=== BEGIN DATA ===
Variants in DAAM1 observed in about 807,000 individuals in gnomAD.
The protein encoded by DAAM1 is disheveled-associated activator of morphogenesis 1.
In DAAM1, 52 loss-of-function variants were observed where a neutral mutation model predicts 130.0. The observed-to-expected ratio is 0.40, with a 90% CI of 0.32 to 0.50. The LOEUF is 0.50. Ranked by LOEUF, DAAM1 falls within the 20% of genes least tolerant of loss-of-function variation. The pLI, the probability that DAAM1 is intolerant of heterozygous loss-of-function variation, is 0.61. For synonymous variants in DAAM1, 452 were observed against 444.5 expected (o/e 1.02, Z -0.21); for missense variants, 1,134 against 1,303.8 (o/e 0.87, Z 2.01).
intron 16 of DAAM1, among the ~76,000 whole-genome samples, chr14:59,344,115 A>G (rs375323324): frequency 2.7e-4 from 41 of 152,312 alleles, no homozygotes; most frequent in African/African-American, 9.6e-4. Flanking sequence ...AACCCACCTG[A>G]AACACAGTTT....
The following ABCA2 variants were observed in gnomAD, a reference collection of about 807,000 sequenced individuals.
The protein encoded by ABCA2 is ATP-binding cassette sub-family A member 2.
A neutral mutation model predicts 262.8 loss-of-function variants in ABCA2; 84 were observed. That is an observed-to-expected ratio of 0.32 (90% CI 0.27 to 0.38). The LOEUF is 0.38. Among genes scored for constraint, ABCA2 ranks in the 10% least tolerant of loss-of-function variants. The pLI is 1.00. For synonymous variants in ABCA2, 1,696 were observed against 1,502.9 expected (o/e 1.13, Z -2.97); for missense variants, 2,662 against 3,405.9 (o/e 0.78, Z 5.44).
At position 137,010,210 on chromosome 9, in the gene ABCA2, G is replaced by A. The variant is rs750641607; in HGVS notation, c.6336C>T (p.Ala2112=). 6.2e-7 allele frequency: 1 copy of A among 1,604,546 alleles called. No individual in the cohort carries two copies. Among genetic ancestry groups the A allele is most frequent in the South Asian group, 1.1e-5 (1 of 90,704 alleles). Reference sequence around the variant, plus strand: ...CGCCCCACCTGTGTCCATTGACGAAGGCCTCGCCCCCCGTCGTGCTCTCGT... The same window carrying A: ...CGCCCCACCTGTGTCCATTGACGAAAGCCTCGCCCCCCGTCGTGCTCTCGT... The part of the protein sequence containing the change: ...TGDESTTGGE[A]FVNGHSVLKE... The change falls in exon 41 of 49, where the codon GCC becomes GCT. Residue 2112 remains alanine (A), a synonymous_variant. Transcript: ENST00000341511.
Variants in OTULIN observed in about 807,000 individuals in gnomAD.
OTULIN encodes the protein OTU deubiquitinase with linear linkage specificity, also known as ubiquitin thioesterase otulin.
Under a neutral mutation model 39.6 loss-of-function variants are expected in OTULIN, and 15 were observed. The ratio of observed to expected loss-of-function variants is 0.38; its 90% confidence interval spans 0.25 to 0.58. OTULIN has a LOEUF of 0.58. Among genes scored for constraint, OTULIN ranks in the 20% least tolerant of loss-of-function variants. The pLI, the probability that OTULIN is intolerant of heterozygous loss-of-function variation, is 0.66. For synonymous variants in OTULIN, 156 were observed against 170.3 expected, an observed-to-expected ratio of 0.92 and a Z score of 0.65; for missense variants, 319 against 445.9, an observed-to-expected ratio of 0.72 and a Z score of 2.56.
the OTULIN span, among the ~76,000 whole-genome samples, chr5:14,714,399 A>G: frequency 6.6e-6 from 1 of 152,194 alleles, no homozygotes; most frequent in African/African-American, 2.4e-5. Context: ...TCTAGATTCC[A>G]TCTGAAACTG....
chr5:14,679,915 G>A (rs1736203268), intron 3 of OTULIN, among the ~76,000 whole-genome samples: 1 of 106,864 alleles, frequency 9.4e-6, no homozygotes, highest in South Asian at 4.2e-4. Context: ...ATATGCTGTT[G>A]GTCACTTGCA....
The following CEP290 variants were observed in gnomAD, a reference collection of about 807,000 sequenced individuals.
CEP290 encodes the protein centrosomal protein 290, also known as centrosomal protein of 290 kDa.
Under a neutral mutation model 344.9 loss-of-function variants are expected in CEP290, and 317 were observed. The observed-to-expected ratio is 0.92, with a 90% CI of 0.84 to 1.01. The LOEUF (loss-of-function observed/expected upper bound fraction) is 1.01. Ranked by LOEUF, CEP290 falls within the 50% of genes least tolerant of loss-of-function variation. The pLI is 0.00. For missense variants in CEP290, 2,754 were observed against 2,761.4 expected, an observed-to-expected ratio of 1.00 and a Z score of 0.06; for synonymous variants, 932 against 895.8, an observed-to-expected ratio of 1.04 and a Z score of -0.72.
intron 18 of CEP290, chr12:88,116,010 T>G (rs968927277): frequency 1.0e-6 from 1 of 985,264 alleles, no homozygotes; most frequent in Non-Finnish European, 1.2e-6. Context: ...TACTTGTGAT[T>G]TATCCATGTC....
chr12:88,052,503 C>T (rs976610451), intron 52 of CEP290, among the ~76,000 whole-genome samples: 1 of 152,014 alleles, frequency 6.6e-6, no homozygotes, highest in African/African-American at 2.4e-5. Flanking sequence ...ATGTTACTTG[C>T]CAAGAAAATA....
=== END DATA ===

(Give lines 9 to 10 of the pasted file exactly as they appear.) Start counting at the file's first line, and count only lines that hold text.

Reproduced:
Variants in OTULIN observed in about 807,000 individuals in gnomAD.
OTULIN encodes the protein OTU deubiquitinase with linear linkage specificity, also known as ubiquitin thioesterase otulin.